Archive for March, 2012



Holy Week Prep



Jesus - courtesy of the Jesus painter, Mike Lewis -

Next week is Holy Week, the countdown to our remembrance of Jesus’ execution. It’s a bit easier to think of it as the countdown to Jesus’ resurrection, but that’s taking the easy road. To get us (me) ready, it seems appropriate to focus on a few foundational things.

Interestingly, people put forth numerous reasons why Jesus was put to death, but Scripture focuses on four in particular:

1)    He aroused opposition because of the way he entered Jerusalem at the beginning of his final week of ministry (the event Christian Churches all over the world will focus on tomorrow). When Jesus arrived in Jerusalem he was riding a donkey and people were shouting “Hosannah! Blessed is the coming kingdom of our ancestor David!” (Mark 11.1-10) This pretty much mimicked Solomon (David’s son) who 1000 years earlier arrived on the royal mule & declared his kingship. (1 Kings 1.32-40) The crowd’s response pretty much said the same thing – this is the one destined to be Israel’s king and ruler. It would be pretty hard to avoid a run in with Rome when Jesus’ fans were suggesting in pretty unmistakable terms that he was Israel’s king not Caesar.

2)    He called out the ruling priests on their failure to live up to their calling. By disrupting the sacrificial trade and traffic he made it clear that the temple wasn’t the place of prayer for the nations that it was supposed to be. (Mark 11.15-18) First Rome is angry, now the ruling priests, scribes, and elders are offended.

3)    Jesus doesn’t help matters when he tells the parable of the Vineyard. (Mark 12.1-12) The ruling priests and their supporters had asked him by what authority he did what he’d done in the Temple. (Mark 11.27-33) He responds by telling a parable based on another story (Isaiah 5.1-7) that was already understood to warn about Israel’s impending judgment because of its failure to pursue justice – a story often directed against the temple establishment. Not a good way to smooth things over.

4)    The tipping point, so to speak, comes when an unnamed woman anoints Jesus with oil in front of his disciples and Jesus praises her for it. (Mark 14.3-9) Right after that Judas leaves for his rendezvous with ruling priest that leads to Jesus’ betrayal. (Mark 14.10-11) Lots of people have commented on the contrast between the devoted woman with no name and the treacherous disciple with an infamous name, but there’s another interesting element as well. Judas most likely told the ruling priests what he’d experienced right before he came to them – it was a pretty intense interaction, not likely that would have been overlooked.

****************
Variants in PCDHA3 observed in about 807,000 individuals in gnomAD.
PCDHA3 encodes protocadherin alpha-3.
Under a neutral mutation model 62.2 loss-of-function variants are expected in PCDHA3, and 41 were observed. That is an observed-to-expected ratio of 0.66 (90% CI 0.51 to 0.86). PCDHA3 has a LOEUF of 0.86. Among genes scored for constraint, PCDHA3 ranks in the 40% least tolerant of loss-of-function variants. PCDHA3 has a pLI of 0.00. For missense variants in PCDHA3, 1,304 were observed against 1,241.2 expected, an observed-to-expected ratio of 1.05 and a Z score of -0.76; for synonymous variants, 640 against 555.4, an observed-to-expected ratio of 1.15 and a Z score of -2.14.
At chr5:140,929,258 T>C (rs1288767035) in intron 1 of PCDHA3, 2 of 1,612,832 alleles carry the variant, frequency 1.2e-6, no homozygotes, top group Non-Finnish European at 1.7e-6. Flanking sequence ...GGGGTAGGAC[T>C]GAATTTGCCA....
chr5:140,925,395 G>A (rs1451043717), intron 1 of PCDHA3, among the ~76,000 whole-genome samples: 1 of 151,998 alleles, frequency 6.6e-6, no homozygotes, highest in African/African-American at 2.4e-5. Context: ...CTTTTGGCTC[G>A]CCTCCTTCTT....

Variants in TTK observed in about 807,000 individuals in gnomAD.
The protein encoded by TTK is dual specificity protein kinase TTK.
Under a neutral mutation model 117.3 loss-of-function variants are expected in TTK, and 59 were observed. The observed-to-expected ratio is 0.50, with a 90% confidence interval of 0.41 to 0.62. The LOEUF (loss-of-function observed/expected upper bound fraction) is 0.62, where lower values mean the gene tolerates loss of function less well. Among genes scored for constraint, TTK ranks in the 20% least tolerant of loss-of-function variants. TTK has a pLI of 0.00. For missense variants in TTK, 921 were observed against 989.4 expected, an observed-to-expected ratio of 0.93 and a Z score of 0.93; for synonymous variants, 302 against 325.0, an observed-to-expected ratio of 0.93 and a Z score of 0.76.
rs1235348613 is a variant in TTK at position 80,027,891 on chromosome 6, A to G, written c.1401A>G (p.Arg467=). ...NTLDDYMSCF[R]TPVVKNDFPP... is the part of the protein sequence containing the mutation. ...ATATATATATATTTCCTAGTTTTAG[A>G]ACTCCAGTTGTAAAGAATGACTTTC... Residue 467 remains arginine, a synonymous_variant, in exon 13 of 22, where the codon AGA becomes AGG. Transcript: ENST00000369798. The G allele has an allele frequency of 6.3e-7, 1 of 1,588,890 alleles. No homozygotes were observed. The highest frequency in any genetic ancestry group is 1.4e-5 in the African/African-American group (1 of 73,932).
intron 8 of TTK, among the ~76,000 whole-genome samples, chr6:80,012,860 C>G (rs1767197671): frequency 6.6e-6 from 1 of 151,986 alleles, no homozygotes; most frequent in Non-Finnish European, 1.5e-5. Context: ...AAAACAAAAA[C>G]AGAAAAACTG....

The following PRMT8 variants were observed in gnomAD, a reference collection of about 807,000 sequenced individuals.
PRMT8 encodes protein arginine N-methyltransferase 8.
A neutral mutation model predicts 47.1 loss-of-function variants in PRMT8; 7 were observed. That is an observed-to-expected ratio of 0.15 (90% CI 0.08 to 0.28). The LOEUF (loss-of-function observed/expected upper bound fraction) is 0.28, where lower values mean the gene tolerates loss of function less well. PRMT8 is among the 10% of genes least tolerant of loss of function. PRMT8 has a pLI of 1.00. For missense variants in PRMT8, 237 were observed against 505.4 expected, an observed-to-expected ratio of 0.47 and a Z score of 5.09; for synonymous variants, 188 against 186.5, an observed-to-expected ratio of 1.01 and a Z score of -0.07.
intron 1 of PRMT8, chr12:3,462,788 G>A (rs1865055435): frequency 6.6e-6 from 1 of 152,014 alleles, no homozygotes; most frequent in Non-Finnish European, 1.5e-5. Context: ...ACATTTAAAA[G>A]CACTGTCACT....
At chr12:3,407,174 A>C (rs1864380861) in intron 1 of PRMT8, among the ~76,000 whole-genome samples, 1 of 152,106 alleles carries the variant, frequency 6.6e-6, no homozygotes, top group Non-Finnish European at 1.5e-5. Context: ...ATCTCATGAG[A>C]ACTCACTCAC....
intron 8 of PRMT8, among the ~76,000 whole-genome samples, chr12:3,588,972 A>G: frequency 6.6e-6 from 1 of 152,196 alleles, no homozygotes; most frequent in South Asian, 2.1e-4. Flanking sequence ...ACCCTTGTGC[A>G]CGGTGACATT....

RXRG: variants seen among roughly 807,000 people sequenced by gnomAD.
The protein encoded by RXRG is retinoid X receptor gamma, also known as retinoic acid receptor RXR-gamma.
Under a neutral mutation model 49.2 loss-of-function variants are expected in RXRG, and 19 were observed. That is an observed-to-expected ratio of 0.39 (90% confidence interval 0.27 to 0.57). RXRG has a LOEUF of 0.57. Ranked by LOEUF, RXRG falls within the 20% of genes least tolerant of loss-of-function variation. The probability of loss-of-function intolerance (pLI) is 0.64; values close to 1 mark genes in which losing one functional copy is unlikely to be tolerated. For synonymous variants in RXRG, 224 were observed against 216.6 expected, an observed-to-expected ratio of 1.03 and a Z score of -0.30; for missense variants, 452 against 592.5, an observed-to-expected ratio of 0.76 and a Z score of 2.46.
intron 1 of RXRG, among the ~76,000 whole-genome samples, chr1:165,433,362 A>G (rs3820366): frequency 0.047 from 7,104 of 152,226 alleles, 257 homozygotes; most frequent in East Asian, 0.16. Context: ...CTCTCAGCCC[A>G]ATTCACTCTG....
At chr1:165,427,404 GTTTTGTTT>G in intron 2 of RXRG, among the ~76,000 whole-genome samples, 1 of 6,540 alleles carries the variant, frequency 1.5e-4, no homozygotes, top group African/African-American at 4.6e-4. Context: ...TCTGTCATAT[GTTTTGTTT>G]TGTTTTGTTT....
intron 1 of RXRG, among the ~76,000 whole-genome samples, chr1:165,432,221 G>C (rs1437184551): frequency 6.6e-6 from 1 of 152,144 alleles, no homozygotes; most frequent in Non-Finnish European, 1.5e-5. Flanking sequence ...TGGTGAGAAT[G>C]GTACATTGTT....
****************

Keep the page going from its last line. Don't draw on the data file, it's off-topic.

Kimberly Reisman

Kim Reisman

We have a pretty strong tendency to focus on the internal, spiritual aspects of Jesus’ death – not a bad thing at all. But it’s important to stay grounded in the temporal aspect as well. Jesus was perceived as a serious political threat. His message threatened the status quo – a status quo no one in authority wanted overturned. He entered Jerusalem just like an anointed son of David, just like King Solomon so long ago. He acted like he had messianic authority in the temple, and he was was anointed by at least one of his own followers, which was easily interpreted as having messianic significance. It’s no wonder the high priest would ask him angrily, “Are you the Messiah, the Son of God?” and the Roman governor would put up a sign that said, “This is Jesus, king of the Jews.”


What are the environments in your life or church or community where the status quo reigns? What does following Jesus require you to do about that? What’s your next step?


**For a short read that will ground you in the temporal experience of Jesus and his first followers during that last week – check out Jesus, The Final Days: What Really Happened by Craig Evans & N. T. Wright. It’s not a new one, but it’s a good one.



For Holy Week and beyond…

Holy Week begins on Sunday. Many of us have been immersed in various studies and other introspective devotional explorations, which is a very good thing. To move us outward, on both the human and cosmic levels, I suggest a (relatively) short and provocative read by N. T. Wright, Evil and the Justice of God.

N. T. WrightWe mark the crucifixion of Jesus once a year, but the problem of evil (and its solution) that is inextricably entwined with the death of Jesus extends beyond a single observance. In a broken world like ours, it’s always good to get a glimpse of the mind and purposes of our loving God. Not a new read, but definitely a valuable one.



Out on a Walk…


Because I’ve got a hugely busy time coming up during the next month or so, I’m trying to get a head start on some Next Step posts. I was perusing some of what I’ve written in the past & came across some interesting stuff.

Back in March, 2009 I wrote this…

Meister Eckhart